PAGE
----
News & Events

Extraordinary Property Protected Forever: 155 Forested Acres with a Mile of Salmon Creek

Author: Lilly Schneider | 01/26/24

Creek in forest

A portion of Salmon Creek running through the property.

We’re thrilled to share that we’ve recently completed the permanent protection of an extraordinary 155-acre property in the Snow and Salmon Creeks watershed. Here, a full mile of Salmon Creek and six tributaries stream down steep forested slopes that lead eventually into Discovery Bay and into the Strait of Juan De Fuca on the north side of the Olympic Peninsula: the home waters of the Strait of Juan De Fuca’s threatened summer chum population.

Person in ferns and forest

A Land Trust Conservation Projects Committee volunteer walking the property during the fall.

“This is such an important project — not only because of the property’s size and location, but because of the full mile of Salmon Creek that runs through it,” says Blaise Sullivan, Jefferson Land Trust’s Conservation Coordinator. “To be able to protect a full mile of a salmon-bearing creek by working with a single willing landowner is really significant.”

Since 2001, working with willing landowners and many partners including the Washington Department of Fish and Wildlife, the Jamestown S’Klallam Tribe, North Olympic Salmon Coalition, and others, Jefferson Land Trust has protected 547 acres of land and wildlife habitat in the Snow and Salmon Creeks watershed for the benefit of native salmon and other wildlife.

Over the last three decades, and as we continue this work today, our key partners are members of the Chumsortium: a collection of local public and private entities (including the Land Trust) that collaborate to restore and protect the threatened summer chum population in the Hood Canal and the Strait of Juan De Fuca.

About 15 years ago, the Chumstorium learned of this 155-acre property, which in addition to summer chum hosts spawning grounds for listed and threatened coho and winter steelhead, and contains habitat used by fall chum and cutthroat trout. Considering the significance of this place for these fish populations together with its location, size, ecological features, and condition, the Chumsortium identified the property as a priority for protection. Though initial efforts to protect it were unsuccessful, continued persistence and vision on behalf of Jefferson Land Trust, the former landowner, members of the Chumsortium, granting agencies, and many others ultimately prevailed, culminating in the successful permanent protection of this extraordinary piece of land in late 2023.


Another portion of Salmon Creek on the property.

Before the Land Trust acquired the property, it was managed for large-scale timber harvesting, and bears signs of earlier clearcuts. It was also at risk of residential conversion. Now that the land is protected, these threats have been eliminated. This is good news for the water quality of Salmon Creek, because the landscape’s extremely steep slopes make the creek and its tributaries vulnerable to erosion and degradation, which often results from upland clearcutting.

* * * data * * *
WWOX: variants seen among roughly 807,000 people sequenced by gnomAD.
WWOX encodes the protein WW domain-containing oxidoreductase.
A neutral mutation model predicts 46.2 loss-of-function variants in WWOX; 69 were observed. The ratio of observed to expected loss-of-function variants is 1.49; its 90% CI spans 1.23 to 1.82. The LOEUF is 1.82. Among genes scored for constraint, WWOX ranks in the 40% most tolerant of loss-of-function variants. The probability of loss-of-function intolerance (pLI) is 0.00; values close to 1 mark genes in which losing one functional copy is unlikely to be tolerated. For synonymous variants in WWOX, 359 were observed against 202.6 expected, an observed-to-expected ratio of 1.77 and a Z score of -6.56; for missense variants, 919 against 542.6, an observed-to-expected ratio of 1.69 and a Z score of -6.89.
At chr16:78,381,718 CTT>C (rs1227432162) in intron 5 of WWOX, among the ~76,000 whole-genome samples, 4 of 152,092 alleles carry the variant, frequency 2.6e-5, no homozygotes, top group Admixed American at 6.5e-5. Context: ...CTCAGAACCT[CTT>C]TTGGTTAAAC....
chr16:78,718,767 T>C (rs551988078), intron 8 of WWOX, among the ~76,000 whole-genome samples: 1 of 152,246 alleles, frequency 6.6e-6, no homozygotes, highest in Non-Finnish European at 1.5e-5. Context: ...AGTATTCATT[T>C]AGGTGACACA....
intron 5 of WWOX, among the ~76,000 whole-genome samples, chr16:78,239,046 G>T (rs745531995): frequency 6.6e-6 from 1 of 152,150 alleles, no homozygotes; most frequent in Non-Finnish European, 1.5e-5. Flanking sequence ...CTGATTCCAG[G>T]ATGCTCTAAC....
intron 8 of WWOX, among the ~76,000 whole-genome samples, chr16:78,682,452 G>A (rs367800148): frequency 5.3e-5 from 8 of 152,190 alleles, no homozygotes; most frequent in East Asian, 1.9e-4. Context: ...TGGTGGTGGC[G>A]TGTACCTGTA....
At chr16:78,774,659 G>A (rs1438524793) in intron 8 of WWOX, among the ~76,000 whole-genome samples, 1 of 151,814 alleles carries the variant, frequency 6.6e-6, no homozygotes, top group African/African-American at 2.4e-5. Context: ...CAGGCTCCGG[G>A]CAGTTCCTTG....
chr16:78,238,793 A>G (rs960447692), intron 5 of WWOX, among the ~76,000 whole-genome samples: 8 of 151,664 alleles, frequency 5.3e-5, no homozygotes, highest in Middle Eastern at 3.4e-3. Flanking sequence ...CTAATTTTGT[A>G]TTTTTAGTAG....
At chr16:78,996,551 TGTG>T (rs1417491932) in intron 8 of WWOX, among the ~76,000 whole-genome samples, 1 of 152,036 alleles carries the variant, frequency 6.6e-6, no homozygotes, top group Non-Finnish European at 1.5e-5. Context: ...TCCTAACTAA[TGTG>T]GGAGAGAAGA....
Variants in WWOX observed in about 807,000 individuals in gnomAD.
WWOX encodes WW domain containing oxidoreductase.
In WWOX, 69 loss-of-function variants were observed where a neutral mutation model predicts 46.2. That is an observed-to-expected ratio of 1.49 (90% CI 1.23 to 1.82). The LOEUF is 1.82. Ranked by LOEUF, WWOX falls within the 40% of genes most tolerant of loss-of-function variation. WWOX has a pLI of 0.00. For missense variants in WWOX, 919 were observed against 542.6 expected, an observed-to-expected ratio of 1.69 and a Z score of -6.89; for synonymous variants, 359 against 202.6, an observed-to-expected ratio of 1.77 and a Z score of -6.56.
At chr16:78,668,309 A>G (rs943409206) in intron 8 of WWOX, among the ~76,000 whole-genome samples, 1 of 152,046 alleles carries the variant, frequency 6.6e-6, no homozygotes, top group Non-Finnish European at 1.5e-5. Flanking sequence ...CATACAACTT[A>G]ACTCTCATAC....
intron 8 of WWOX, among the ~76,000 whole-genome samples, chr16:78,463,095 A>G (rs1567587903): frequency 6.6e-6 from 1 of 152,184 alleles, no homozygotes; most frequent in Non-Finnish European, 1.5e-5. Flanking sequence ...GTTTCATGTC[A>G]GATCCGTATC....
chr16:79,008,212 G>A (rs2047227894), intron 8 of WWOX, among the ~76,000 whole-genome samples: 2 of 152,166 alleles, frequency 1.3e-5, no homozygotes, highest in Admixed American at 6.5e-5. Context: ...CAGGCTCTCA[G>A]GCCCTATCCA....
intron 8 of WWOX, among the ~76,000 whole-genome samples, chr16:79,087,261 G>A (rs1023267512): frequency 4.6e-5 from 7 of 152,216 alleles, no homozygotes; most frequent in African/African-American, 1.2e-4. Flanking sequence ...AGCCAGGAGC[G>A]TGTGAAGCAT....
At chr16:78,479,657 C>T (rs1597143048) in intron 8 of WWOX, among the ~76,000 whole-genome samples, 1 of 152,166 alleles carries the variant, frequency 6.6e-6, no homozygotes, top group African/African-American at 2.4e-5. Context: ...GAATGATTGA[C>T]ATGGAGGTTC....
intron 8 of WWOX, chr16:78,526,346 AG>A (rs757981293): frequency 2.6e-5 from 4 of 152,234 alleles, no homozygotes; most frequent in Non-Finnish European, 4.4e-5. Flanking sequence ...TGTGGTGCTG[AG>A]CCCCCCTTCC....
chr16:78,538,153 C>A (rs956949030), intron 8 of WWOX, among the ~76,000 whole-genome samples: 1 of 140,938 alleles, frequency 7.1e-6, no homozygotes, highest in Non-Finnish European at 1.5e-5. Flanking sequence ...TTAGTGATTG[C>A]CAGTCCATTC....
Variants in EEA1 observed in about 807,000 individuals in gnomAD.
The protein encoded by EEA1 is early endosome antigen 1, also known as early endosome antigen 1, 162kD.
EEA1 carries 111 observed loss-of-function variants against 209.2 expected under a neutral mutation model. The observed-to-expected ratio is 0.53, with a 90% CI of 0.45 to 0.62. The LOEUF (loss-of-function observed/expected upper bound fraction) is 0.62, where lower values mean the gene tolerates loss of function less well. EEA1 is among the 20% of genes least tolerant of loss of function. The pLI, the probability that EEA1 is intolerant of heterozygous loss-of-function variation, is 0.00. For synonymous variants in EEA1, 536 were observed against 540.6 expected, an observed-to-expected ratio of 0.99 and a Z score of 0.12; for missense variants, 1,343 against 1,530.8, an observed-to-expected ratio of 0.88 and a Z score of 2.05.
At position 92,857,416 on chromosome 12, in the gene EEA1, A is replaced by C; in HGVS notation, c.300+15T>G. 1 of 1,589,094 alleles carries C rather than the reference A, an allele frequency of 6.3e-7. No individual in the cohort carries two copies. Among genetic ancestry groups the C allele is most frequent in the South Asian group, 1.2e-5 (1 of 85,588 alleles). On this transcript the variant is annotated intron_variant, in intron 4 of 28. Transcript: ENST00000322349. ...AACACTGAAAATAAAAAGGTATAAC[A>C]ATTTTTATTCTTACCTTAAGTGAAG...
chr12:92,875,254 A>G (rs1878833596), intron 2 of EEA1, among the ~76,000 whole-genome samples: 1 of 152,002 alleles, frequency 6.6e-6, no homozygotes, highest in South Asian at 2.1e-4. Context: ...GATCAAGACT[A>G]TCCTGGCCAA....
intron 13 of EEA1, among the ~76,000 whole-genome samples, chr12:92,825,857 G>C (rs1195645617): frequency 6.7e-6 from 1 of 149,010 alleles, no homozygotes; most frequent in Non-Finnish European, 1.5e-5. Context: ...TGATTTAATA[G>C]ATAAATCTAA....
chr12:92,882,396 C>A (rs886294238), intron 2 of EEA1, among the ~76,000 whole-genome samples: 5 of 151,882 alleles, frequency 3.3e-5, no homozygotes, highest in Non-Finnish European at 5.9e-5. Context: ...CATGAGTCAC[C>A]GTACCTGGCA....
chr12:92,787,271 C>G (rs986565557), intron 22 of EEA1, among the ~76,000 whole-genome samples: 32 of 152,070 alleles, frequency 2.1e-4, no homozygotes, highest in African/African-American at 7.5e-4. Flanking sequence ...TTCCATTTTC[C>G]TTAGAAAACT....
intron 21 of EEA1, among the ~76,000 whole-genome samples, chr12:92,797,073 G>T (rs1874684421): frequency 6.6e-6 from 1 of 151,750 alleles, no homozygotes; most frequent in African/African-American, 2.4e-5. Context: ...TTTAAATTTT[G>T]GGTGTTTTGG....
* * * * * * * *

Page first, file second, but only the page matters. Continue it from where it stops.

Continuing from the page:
“Protecting the water quality of this stretch of Salmon Creek also affects the downstream water quality of Discovery Bay and the shared estuary of Salmon and Snow Creeks, where several salmonid species return after the ocean stage of their life cycles,” Blaise adds.

The forested buffer along the section of Salmon Creek running through the property is in healthy, beautiful condition, but our assessments found that the health of the six tributaries has been degraded due to a previous clearcut in the 1990s. Now, one of our top priorities for the property will be to restore these tributaries to create better conditions for water quality. By selectively thinning some sections of the forest which were subjected to dense replanting after being clearcut, we’ll be able to dramatically improve conditions for the multiple tributaries and forest health overall.

Woman posing next to large pile of bear scat

Director of Conservation and Strategic Partnerships Sarah Spaeth pointing to a pile of bear scat during a site visit to the property.

“The property is also part of the greater wildlife corridor that stretches from Discovery Bay to the foothills of the Olympic Mountains,” says Blaise. “We can infer with a property this large, and by finding animal tracks and signs, that there’s significant wildlife use of the land.”

Going forward, the property will be managed by the Land Trust as a nature preserve: a place where salmon, birds, bears, and other wildlife can forage, shelter, migrate, and thrive — forever.

The protection of this property was made possible by funding from the Jefferson County Conservation Futures Fund as well two Washington State Recreation and Conservation Office grants: a Salmon Recovery Funding Board grant and a Washington Wildlife and Recreation Program grant.

We wish to extend our gratitude to these granting agencies as well as to the property’s former owner, our Chumsortium partners, and our community supporters. Together, we’ve taken a big, 155-acre stride forward in supporting local salmon and other wildlife — and building a healthier and more resilient Peninsula for all.


This map shows how Salmon Creek and Snow Creek lead into Discovery Bay and highlights land conservation projects in the Snow and Salmon Creeks watershed. The newly protected 155-acre property is outlined in red. The tan-colored parcels are owned by the Washington Department of Fish and Wildlife. The green parcels are Jefferson Land Trust Preserves. The blue parcels are properties protected permanently with conservation easements.